August 19, 2007

“Holy crap”-worthy imaging technology

Wow–now this I haven’t seen before: Israeli brainiacs Shai Avidan and Ariel Shamir have created a pretty darn interesting video that demonstrates their technique of "Seam Carving for Content-Aware Image Resizing."  When scaling an image horizontally or vertically (e.g. making a panorama narrower), the technology looks for paths of pixels that can be removed while causing the least visual disruption.  Just as interesting, if not more so, I think, is the way the technology can add pixels when increasing image dimensions.  Seriously, just check out the video; I think you’ll be blown away.  (More info is in a 20MB PDF, in which they cite work by Adobe’s Aseem Agarwala–the creator of Photoshop CS3’s Auto-Blend Layer code.) [Via Geoff Stearns]

I hope to share more good stuff from SIGGRAPH soon.  While I was being stuffed with ham sandwiches by kindly Irish folks, a number of Adobe engineers were speaking at & exploring the show.  Todor Georgiev, one of the key minds behind the Healing Brush, has been busily gluing together his own cutting edge optical systems.  More on that soon.

Posted by John Nack at 11:43 PM on August 19, 2007

Comments

  • heathrowe — 7:50 AM on August 20, 2007

    heck, everything Photoshop aspires to be is in that little algorithm :)

  • Pedro Estarque — 9:24 AM on August 20, 2007

    damn this is great. I simulate this in image wrap all the time (that’s why I always wanted to be able to use shift-option-command, and maybe have more control points) for example, shrinking the middle of the image while protecting the borders.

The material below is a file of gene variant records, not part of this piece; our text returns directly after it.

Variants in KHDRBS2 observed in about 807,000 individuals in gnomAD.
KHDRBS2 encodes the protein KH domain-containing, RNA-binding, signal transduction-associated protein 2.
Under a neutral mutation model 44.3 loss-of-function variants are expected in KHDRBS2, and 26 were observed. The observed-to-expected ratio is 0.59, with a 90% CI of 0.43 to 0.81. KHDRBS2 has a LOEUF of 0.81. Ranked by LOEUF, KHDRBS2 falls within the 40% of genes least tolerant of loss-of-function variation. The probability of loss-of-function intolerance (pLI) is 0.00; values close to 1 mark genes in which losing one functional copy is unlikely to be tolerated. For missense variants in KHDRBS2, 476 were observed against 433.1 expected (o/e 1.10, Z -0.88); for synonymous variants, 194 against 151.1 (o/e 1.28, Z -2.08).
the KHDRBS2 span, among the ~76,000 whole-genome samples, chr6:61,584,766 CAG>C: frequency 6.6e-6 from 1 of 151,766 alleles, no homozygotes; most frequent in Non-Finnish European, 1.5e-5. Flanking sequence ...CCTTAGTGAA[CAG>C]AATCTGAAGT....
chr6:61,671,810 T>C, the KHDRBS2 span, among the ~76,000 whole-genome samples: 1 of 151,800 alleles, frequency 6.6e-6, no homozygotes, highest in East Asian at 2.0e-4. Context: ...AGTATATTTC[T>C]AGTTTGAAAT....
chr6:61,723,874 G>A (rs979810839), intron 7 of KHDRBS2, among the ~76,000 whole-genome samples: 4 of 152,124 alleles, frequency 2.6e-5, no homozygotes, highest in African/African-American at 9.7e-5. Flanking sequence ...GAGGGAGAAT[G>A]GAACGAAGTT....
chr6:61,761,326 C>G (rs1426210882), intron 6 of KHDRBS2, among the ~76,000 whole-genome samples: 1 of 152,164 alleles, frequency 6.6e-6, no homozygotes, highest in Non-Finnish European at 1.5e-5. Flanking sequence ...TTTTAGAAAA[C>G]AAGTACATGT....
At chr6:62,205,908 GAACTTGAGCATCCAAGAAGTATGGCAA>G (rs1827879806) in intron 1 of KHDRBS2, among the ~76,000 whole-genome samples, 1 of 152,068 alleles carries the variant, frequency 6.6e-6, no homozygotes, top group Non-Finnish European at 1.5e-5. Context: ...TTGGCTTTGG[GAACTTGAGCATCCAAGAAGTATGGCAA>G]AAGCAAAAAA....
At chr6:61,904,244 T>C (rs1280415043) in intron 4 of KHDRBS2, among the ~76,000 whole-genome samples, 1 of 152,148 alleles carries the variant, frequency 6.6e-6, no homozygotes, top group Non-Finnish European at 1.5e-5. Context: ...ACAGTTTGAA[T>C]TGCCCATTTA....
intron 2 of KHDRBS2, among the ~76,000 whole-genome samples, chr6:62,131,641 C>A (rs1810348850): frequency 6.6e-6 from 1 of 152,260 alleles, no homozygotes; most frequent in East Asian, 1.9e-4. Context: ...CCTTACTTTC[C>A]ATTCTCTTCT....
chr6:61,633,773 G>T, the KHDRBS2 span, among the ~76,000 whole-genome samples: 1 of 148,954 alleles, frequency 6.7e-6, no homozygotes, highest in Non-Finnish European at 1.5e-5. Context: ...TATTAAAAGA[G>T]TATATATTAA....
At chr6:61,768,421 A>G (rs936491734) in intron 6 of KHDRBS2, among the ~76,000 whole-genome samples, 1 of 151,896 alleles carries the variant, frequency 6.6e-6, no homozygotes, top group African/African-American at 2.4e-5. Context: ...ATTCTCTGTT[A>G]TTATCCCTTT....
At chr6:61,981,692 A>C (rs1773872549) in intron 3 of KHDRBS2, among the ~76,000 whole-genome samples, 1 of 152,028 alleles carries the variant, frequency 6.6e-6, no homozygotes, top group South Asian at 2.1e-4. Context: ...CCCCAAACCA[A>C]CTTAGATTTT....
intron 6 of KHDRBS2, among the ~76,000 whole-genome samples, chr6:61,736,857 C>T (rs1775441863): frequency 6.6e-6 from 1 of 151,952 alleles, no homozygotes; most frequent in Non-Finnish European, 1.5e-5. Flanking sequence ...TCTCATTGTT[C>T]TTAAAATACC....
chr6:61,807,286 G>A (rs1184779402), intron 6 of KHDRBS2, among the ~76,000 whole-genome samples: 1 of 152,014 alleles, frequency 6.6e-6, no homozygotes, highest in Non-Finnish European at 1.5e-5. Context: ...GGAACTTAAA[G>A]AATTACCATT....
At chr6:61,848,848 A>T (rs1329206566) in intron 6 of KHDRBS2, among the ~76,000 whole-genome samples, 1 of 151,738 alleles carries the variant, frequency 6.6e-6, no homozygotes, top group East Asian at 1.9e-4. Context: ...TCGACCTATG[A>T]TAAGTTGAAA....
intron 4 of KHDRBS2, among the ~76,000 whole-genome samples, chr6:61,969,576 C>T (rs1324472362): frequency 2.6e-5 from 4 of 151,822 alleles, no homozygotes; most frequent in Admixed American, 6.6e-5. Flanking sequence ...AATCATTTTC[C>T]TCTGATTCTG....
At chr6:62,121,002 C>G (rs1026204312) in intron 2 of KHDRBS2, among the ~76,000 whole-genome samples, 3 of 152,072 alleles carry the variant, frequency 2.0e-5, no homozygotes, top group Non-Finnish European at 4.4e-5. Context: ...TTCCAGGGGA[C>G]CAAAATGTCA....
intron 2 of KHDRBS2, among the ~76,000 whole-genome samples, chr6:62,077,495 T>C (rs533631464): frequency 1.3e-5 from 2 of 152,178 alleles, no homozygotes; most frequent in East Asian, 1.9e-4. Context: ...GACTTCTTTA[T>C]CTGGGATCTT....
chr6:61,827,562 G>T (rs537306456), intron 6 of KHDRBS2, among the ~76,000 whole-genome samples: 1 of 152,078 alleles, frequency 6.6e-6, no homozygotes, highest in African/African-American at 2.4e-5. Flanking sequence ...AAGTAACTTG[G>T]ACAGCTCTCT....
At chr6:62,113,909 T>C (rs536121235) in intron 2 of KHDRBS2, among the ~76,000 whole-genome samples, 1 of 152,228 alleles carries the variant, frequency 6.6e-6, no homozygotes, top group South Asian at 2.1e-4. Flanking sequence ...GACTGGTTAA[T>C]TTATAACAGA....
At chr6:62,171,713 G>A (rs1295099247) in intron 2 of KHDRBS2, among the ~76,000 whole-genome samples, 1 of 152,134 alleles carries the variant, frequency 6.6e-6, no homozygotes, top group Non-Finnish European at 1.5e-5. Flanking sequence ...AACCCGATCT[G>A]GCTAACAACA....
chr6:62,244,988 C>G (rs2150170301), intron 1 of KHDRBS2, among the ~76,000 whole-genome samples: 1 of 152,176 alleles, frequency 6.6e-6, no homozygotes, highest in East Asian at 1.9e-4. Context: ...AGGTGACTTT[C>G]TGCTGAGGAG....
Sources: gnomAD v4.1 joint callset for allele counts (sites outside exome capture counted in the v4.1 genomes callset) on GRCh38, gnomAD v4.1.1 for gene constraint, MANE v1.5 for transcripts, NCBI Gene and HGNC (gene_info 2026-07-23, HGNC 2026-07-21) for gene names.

Have you seen this scene completion algorithm ?
    http://graphics.cs.cmu.edu/projects/scene-completion/
    If it works as well as it seems I know many “Photoshopers” will be out of job.
    [Nah–they’ll just spend their time doing more other stuff. (Doesn’t it seem that “time-saving” features never result in less time spent? –J.]
    Is it just me or has there been a sudden burst of creativity in this area? Is it because multicores are now standard?
    [My layman’s impression is that some key algorithms (e.g. graph cut) have enabled lots of new goodness. –J.]
    I hope Adobe continues to both develop great in-house algorithms and embrace and optimize this state of the art ideas in image research, cause there are some truly amazing stuff in the pipeline. Looking forward to see the result of Todor Georgiev’s work.

  • Trevor Morris — 11:19 AM on August 20, 2007

    Wow! That is *so* cool. Thanks very much for passing that along, John.

  • Klaus Nordby — 4:12 PM on August 20, 2007

    This is wonderful technology, thanks for featuring this, John! Now it’s time for some Adobians to run, not walk, to their coding rooms . . . or for some smart one-man operation to bring this stuff to the table in a brand-new app, which I’d buy in a jiffy.

  • John Dowdell — 7:11 PM on August 22, 2007

    Drawing big interest on Digg today, too.
    jd
    [Yep, and guess what? Shai Avidan just joined Adobe on Monday. :-) –J.]

  • Chad — 5:27 AM on August 24, 2007

    And Shai Avidan is now locked in a little room adding this to a tidy new plugin to be added to PS CS4. ;-)
    [One can only hope. ;-) Seriously, I have no idea & obviously can’t promise anything. Good to see the ongoing brain-gain, however. –J.]